Britain Engages in Lawfare against Its Own Military

Currently, over 2,000 British servicemen are under official investigation for alleged abuses committed in Iraq and Afghanistan, a situation that the UK’s most senior officer recently attributed to sheer prejudice against the military on the part of government officials who see terrorists as freedom fighters. Agreeing with this analysis, Richard Kemp notes that many of these investigations have turned up nothing, and that “if there were any foundation to accusations of abuse on this scale, it would amount to a wholesale breakdown of military order and control.” He also points out that this anti-military campaign, waged by “unscrupulous, politically motivated lawyers” with the cooperation of vindictive Afghans and Iraqis, has important implications for the U.S. and Israel:

If powerful members of the British government establishment can turn on their own servicemen and undermine their national defenses, then it is hardly surprising that they would also be prepared to turn on a friendly country and its armed forces in furtherance of their mendacious objectives.

A pro-Arab and anti-Israel lobby has dominated the British Foreign Office since even before the birth of the Jewish state. But [the existence of anti-military prejudice] sheds further light on the unjust attacks against Israel’s defensive campaigns in Gaza and the West Bank, as well as false accusations over settlements and so-called occupation policies emanating from parts of the British government.

This is also highly dangerous. As well as directly inciting terrorists to further violence against Israel, it encourages the Palestinian leadership in its demands for statehood without negotiation, which in turn also inflames violence and helps perpetuate the conflict.

Although many of the actions of the Obama administration have had a deleterious effect on America’s armed forces, we have not yet seen a legal campaign on a comparable scale in the United States. Hopefully any such attempt would be blocked in a nation that seems to support and value its armed forces far more than does any European country. But Americans must watch out for it. What occurs on one side of the Atlantic sooner or later creeps across to the other.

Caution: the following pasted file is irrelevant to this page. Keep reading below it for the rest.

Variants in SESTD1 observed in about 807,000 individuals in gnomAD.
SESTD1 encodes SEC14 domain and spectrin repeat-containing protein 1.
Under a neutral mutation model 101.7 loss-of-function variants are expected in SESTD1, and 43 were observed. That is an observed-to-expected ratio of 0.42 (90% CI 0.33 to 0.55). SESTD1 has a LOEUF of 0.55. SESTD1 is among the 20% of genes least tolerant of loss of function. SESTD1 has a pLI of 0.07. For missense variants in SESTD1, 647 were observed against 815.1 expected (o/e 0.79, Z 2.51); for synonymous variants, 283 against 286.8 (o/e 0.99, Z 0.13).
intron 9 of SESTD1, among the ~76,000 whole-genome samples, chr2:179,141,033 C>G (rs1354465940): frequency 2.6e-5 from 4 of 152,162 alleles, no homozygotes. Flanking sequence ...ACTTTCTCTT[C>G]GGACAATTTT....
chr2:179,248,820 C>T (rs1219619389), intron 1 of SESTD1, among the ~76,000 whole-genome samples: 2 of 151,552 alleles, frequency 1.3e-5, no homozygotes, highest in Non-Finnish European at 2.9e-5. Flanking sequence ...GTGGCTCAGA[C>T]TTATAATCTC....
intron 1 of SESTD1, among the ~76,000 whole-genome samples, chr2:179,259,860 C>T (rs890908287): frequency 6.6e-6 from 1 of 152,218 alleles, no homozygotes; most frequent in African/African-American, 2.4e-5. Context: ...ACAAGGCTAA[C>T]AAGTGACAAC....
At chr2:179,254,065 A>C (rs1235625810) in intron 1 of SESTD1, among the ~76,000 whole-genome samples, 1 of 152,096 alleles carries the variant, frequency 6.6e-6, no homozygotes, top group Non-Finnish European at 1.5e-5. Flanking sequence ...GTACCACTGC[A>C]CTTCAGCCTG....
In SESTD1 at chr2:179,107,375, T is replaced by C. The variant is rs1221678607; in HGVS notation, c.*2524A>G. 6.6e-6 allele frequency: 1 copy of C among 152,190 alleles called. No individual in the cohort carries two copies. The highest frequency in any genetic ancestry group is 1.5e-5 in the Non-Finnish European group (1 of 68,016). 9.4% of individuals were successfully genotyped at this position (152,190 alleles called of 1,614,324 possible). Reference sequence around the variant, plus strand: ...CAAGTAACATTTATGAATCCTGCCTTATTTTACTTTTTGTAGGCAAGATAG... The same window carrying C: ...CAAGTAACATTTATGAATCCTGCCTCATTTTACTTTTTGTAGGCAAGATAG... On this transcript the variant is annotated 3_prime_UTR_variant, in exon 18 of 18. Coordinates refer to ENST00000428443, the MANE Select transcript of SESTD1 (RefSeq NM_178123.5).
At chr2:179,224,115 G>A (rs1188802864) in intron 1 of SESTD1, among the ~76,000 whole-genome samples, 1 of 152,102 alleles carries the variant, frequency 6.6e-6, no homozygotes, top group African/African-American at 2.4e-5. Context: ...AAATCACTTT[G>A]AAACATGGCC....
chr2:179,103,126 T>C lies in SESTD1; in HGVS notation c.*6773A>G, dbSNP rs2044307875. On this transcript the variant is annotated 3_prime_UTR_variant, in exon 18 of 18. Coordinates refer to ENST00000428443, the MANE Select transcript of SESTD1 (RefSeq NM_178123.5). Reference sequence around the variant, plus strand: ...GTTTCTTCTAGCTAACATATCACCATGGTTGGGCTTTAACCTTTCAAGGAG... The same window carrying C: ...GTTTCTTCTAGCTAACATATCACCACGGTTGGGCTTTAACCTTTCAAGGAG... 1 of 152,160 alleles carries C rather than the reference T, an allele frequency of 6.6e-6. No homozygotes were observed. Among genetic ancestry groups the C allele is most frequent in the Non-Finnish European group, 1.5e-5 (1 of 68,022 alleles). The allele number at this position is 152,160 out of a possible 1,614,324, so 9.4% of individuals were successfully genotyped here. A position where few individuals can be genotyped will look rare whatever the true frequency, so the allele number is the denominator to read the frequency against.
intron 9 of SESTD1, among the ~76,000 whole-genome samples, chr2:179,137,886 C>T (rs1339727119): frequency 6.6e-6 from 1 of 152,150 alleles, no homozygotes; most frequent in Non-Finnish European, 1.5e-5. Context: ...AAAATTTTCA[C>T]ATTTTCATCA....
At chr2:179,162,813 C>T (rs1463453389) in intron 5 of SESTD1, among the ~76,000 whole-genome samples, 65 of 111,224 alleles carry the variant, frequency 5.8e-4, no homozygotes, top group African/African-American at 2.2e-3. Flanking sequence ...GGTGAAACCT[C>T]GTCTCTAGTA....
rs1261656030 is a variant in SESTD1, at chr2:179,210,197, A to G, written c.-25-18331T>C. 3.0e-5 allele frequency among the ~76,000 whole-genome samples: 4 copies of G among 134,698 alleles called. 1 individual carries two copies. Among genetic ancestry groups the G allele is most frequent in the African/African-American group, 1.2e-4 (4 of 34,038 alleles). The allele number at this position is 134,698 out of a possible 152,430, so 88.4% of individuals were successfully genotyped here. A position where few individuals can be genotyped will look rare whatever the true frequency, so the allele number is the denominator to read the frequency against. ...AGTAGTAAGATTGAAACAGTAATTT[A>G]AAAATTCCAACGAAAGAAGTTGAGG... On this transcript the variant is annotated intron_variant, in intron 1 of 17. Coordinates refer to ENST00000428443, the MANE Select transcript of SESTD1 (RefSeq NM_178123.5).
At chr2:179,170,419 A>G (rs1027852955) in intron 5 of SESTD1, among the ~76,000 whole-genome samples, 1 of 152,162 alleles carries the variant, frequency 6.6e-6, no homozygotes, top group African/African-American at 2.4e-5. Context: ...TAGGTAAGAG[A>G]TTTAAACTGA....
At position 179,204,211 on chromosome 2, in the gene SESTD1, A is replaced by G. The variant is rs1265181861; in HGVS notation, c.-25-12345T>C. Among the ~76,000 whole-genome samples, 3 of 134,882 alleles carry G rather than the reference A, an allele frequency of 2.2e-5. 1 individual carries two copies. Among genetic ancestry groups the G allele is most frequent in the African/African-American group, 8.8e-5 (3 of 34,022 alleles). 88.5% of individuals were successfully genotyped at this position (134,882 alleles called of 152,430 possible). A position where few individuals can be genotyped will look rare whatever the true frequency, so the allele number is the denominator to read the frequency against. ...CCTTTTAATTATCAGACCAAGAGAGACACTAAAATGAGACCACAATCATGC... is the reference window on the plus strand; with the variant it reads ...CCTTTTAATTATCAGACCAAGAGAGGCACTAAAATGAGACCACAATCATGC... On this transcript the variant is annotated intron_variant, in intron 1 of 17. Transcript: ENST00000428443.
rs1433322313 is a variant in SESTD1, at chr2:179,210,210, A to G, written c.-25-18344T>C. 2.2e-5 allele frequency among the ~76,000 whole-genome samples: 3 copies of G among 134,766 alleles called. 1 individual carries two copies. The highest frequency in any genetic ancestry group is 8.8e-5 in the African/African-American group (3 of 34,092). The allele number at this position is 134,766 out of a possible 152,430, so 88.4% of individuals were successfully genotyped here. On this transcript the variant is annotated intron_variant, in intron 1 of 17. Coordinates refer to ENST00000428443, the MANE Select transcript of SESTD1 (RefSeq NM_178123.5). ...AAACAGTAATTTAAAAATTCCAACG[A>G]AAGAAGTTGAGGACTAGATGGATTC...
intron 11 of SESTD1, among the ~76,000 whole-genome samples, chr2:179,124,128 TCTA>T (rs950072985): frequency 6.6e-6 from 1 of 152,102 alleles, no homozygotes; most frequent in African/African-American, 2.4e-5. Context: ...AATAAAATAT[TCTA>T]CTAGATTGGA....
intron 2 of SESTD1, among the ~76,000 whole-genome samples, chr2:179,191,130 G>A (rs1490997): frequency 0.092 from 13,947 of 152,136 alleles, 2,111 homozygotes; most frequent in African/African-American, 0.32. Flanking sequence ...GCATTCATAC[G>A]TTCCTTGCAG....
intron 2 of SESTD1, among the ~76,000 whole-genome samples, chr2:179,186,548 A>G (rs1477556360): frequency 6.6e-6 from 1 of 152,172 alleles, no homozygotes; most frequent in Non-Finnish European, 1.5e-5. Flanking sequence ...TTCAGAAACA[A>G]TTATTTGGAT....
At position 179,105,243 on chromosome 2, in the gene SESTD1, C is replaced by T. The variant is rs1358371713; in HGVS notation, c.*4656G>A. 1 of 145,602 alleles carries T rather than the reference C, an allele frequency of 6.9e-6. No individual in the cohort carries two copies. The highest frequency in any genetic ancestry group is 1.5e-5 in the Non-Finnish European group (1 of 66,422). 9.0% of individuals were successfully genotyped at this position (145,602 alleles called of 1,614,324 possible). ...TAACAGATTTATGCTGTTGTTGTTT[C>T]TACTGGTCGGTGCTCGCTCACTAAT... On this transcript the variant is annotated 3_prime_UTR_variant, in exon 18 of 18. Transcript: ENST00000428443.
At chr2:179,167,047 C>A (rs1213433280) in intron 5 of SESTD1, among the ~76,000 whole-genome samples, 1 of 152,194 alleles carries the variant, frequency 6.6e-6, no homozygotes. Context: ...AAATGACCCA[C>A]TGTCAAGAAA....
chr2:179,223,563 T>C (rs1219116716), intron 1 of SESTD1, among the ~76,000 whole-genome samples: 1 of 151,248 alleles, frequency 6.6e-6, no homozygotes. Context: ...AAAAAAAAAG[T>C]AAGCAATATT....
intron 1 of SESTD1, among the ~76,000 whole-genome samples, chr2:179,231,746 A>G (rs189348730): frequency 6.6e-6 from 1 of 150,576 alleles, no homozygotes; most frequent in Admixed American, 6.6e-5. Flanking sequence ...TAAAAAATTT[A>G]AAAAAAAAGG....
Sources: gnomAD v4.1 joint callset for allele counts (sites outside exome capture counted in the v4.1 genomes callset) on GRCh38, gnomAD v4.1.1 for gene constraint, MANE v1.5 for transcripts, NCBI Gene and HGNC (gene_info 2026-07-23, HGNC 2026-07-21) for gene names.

Read more at Gatestone

More about: Afghanistan, Iraq, Israel & Zionism, Military ethics, Politics & Current Affairs, United Kingdom

Why Egypt Fears an Israeli Victory in Gaza

While the current Egyptian president, Abdel Fattah el-Sisi, has never been friendly to Hamas, his government has objected strenuously to the Israeli campaign in the southernmost part of the Gaza Strip. Haisam Hassanein explains why:

Cairo has long been playing a double game, holding Hamas terrorists near while simultaneously trying to appear helpful to the United States and Israel. Israel taking control of Rafah threatens Egypt’s ability to exploit the chaos in Gaza, both to generate profits for regime insiders and so Cairo can pose as an indispensable mediator and preserve access to U.S. money and arms.

Egyptian security officials have looked the other way while Hamas and other Palestinian militants dug tunnels on the Egyptian-Gaza border. That gave Cairo the ability to use the situation in Gaza as a tool for regional influence and to ensure Egypt’s role in the Palestinian-Israeli conflict would not be eclipsed by regional competitors such as Qatar and Turkey.

Some elements close to the Sisi regime have benefited from Hamas control over Gaza and the Rafah crossing. Media reports indicate an Egyptian company run by one of Sisi’s close allies is making hundreds of millions of dollars by taxing Gazans fleeing the current conflict.

Moreover, writes Judith Miller, the Gaza war has been a godsend to the entire Egyptian economy, which was in dire straits last fall. Since October 7, the International Monetary Fund has given the country a much-needed injection of cash, since the U.S. and other Western countries believe it is a necessary intermediary and stabilizing force. Cairo therefore sees the continuation of the war, rather than an Israeli victory, as most desirable. Hassanein concludes:

Adding to its financial incentive, the Sisi regime views the Rafah crossing as a crucial card in preserving Cairo’s regional standing. Holding it increases Egypt’s relevance to countries that want to send aid to the Palestinians and ensures Washington stays quiet about Egypt’s gross human-rights violations so it can maintain a stable flow of U.S. assistance and weaponry. . . . No serious effort to turn the page on Hamas will yield the desired results without cutting this umbilical cord between the Sisi regime and Hamas.

Read more at Washington Examiner

More about: Egypt, Gaza War 2023, U.S. Foreign policy